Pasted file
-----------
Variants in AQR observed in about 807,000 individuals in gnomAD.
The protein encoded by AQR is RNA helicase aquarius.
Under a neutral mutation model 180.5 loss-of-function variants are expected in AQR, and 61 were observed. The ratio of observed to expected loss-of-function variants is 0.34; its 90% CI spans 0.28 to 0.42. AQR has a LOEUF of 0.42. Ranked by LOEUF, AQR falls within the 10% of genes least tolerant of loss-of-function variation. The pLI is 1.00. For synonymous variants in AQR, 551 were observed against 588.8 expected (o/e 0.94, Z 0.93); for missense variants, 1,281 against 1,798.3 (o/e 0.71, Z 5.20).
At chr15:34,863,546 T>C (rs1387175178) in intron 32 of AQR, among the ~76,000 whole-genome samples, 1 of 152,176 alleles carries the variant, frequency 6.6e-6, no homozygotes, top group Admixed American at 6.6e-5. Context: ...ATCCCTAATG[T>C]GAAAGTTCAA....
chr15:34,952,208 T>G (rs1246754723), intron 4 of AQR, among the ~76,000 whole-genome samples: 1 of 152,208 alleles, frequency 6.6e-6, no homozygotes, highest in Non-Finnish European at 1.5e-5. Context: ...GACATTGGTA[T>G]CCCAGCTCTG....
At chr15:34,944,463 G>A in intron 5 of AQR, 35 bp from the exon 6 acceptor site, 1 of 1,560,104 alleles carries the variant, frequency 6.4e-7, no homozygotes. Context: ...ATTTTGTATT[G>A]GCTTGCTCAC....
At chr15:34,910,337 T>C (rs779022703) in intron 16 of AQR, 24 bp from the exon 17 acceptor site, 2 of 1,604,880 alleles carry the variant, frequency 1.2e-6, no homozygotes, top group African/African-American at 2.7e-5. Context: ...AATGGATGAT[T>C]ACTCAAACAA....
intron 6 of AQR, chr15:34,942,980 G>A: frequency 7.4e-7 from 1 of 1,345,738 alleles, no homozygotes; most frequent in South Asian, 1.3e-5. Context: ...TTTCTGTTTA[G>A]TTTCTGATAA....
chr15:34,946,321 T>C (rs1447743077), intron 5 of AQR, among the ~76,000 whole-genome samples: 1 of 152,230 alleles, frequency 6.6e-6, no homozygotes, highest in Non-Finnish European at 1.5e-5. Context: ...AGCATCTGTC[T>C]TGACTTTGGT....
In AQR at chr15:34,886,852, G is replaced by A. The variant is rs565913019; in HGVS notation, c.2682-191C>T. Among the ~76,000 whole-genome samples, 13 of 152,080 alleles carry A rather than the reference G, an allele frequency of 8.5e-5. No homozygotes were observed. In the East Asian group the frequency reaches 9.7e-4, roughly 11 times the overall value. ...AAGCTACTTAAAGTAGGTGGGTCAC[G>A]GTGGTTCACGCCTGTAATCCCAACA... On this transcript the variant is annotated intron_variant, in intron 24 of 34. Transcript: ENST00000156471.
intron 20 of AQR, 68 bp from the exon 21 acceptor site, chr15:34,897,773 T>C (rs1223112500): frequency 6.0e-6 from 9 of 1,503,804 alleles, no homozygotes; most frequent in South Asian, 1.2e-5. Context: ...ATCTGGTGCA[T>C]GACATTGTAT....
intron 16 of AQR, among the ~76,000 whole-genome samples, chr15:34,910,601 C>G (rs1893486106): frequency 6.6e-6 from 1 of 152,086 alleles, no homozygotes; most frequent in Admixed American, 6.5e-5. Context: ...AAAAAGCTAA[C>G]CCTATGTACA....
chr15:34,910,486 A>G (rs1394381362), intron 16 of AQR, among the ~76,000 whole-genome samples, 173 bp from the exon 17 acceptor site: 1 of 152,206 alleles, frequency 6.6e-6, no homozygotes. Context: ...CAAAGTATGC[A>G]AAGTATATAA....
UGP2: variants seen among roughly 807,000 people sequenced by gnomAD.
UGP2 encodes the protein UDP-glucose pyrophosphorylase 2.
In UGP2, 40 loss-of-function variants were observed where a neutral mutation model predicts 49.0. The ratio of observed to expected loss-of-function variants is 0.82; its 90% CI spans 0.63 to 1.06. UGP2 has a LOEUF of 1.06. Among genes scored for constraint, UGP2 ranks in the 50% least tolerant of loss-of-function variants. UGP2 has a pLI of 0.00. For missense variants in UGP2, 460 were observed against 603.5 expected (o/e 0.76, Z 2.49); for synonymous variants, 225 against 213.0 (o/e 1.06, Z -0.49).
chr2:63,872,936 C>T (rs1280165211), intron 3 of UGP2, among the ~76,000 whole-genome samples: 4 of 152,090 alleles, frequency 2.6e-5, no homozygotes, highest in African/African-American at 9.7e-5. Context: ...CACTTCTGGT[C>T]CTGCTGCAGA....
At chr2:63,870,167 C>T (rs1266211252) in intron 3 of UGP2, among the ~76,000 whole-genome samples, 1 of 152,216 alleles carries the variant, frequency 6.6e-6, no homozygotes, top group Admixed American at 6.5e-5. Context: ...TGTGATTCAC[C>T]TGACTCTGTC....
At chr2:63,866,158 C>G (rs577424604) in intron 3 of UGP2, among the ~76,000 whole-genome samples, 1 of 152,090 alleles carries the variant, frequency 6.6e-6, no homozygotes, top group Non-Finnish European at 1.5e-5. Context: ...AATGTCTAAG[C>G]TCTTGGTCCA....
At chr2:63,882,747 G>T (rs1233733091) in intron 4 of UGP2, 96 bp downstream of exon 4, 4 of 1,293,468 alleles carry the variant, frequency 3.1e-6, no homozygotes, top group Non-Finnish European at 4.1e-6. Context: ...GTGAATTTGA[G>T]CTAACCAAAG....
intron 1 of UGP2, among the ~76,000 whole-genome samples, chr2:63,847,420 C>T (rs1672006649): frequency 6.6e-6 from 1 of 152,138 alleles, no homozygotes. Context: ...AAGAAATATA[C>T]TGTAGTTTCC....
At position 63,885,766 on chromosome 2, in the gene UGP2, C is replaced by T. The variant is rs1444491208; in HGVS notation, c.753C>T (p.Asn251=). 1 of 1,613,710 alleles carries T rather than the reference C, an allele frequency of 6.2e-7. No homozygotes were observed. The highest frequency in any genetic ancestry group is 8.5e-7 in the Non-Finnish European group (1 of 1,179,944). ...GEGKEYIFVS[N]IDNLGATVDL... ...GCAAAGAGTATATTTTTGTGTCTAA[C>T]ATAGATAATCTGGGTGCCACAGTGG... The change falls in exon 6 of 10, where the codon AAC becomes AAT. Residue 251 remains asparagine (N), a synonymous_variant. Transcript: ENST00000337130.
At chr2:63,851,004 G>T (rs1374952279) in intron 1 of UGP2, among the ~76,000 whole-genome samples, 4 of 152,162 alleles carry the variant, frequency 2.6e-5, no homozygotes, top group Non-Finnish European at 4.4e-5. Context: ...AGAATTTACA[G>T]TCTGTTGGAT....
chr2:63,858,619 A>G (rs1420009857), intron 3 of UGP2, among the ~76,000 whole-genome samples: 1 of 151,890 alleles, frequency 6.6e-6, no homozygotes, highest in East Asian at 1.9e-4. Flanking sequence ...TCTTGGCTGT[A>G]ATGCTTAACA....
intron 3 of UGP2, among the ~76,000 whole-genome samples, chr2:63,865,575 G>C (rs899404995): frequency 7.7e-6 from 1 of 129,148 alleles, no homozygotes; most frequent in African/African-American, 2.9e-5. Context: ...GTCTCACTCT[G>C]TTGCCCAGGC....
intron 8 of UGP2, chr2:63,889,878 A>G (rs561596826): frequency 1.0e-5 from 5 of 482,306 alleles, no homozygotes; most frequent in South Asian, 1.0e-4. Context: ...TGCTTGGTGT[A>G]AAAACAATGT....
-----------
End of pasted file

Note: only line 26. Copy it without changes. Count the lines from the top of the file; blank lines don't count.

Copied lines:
intron 8 of UGP2, chr2:63,889,878 A>G (rs561596826): frequency 1.0e-5 from 5 of 482,306 alleles, no homozygotes; most frequent in South Asian, 1.0e-4. Context: ...TGCTTGGTGT[A>G]AAAACAATGT....